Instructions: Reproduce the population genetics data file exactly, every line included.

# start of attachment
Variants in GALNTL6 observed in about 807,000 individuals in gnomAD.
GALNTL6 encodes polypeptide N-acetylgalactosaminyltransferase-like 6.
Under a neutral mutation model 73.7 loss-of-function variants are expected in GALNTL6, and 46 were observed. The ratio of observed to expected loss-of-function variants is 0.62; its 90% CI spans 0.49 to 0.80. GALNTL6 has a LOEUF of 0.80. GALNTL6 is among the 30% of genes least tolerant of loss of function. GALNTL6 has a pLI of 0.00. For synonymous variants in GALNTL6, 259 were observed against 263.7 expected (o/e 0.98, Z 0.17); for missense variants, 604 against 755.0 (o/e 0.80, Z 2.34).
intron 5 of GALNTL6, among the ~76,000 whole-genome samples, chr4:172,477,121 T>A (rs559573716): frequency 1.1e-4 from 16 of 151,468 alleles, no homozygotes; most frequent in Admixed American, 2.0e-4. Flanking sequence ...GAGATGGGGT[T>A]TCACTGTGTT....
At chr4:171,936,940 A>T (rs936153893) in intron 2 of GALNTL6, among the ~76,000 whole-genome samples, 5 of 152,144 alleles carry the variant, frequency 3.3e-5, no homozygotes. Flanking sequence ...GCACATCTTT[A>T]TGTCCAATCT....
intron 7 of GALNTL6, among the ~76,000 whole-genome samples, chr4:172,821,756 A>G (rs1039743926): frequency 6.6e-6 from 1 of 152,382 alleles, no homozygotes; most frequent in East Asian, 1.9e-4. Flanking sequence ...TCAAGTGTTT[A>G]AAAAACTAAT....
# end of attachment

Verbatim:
Variants in GALNTL6 observed in about 807,000 individuals in gnomAD.
GALNTL6 encodes polypeptide N-acetylgalactosaminyltransferase-like 6.
Under a neutral mutation model 73.7 loss-of-function variants are expected in GALNTL6, and 46 were observed. The ratio of observed to expected loss-of-function variants is 0.62; its 90% CI spans 0.49 to 0.80. GALNTL6 has a LOEUF of 0.80. GALNTL6 is among the 30% of genes least tolerant of loss of function. GALNTL6 has a pLI of 0.00. For synonymous variants in GALNTL6, 259 were observed against 263.7 expected (o/e 0.98, Z 0.17); for missense variants, 604 against 755.0 (o/e 0.80, Z 2.34).
intron 5 of GALNTL6, among the ~76,000 whole-genome samples, chr4:172,477,121 T>A (rs559573716): frequency 1.1e-4 from 16 of 151,468 alleles, no homozygotes; most frequent in Admixed American, 2.0e-4. Flanking sequence ...GAGATGGGGT[T>A]TCACTGTGTT....
At chr4:171,936,940 A>T (rs936153893) in intron 2 of GALNTL6, among the ~76,000 whole-genome samples, 5 of 152,144 alleles carry the variant, frequency 3.3e-5, no homozygotes. Flanking sequence ...GCACATCTTT[A>T]TGTCCAATCT....
intron 7 of GALNTL6, among the ~76,000 whole-genome samples, chr4:172,821,756 A>G (rs1039743926): frequency 6.6e-6 from 1 of 152,382 alleles, no homozygotes; most frequent in East Asian, 1.9e-4. Flanking sequence ...TCAAGTGTTT[A>G]AAAAACTAAT....